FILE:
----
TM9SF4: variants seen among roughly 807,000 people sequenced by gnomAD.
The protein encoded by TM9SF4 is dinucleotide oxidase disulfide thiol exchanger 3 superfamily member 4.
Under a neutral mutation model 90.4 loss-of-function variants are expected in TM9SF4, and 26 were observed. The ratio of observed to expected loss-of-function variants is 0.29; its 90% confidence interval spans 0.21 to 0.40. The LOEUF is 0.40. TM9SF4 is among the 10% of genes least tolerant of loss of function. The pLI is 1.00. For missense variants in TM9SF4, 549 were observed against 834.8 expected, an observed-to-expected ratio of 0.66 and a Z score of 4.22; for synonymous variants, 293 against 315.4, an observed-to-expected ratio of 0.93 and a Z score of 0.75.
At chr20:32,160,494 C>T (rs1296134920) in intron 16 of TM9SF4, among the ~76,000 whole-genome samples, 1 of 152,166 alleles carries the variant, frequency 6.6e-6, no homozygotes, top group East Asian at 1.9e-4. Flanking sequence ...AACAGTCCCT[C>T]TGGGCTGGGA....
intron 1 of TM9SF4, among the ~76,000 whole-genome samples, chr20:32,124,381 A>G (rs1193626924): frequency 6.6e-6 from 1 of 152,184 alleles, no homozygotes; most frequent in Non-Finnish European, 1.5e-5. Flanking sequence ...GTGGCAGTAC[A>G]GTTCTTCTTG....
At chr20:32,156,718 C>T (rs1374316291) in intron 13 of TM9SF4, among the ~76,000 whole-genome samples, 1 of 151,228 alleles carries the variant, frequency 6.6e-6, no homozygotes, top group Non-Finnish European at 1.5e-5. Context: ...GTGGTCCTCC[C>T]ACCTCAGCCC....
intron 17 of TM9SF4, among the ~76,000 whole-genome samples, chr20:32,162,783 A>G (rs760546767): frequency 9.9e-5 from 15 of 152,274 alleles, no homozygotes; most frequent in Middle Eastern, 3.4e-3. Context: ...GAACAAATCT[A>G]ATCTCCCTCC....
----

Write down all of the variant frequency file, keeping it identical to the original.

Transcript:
TM9SF4: variants seen among roughly 807,000 people sequenced by gnomAD.
The protein encoded by TM9SF4 is dinucleotide oxidase disulfide thiol exchanger 3 superfamily member 4.
Under a neutral mutation model 90.4 loss-of-function variants are expected in TM9SF4, and 26 were observed. The ratio of observed to expected loss-of-function variants is 0.29; its 90% confidence interval spans 0.21 to 0.40. The LOEUF is 0.40. TM9SF4 is among the 10% of genes least tolerant of loss of function. The pLI is 1.00. For missense variants in TM9SF4, 549 were observed against 834.8 expected, an observed-to-expected ratio of 0.66 and a Z score of 4.22; for synonymous variants, 293 against 315.4, an observed-to-expected ratio of 0.93 and a Z score of 0.75.
At chr20:32,160,494 C>T (rs1296134920) in intron 16 of TM9SF4, among the ~76,000 whole-genome samples, 1 of 152,166 alleles carries the variant, frequency 6.6e-6, no homozygotes, top group East Asian at 1.9e-4. Flanking sequence ...AACAGTCCCT[C>T]TGGGCTGGGA....
intron 1 of TM9SF4, among the ~76,000 whole-genome samples, chr20:32,124,381 A>G (rs1193626924): frequency 6.6e-6 from 1 of 152,184 alleles, no homozygotes; most frequent in Non-Finnish European, 1.5e-5. Flanking sequence ...GTGGCAGTAC[A>G]GTTCTTCTTG....
At chr20:32,156,718 C>T (rs1374316291) in intron 13 of TM9SF4, among the ~76,000 whole-genome samples, 1 of 151,228 alleles carries the variant, frequency 6.6e-6, no homozygotes, top group Non-Finnish European at 1.5e-5. Context: ...GTGGTCCTCC[C>T]ACCTCAGCCC....
intron 17 of TM9SF4, among the ~76,000 whole-genome samples, chr20:32,162,783 A>G (rs760546767): frequency 9.9e-5 from 15 of 152,274 alleles, no homozygotes; most frequent in Middle Eastern, 3.4e-3. Context: ...GAACAAATCT[A>G]ATCTCCCTCC....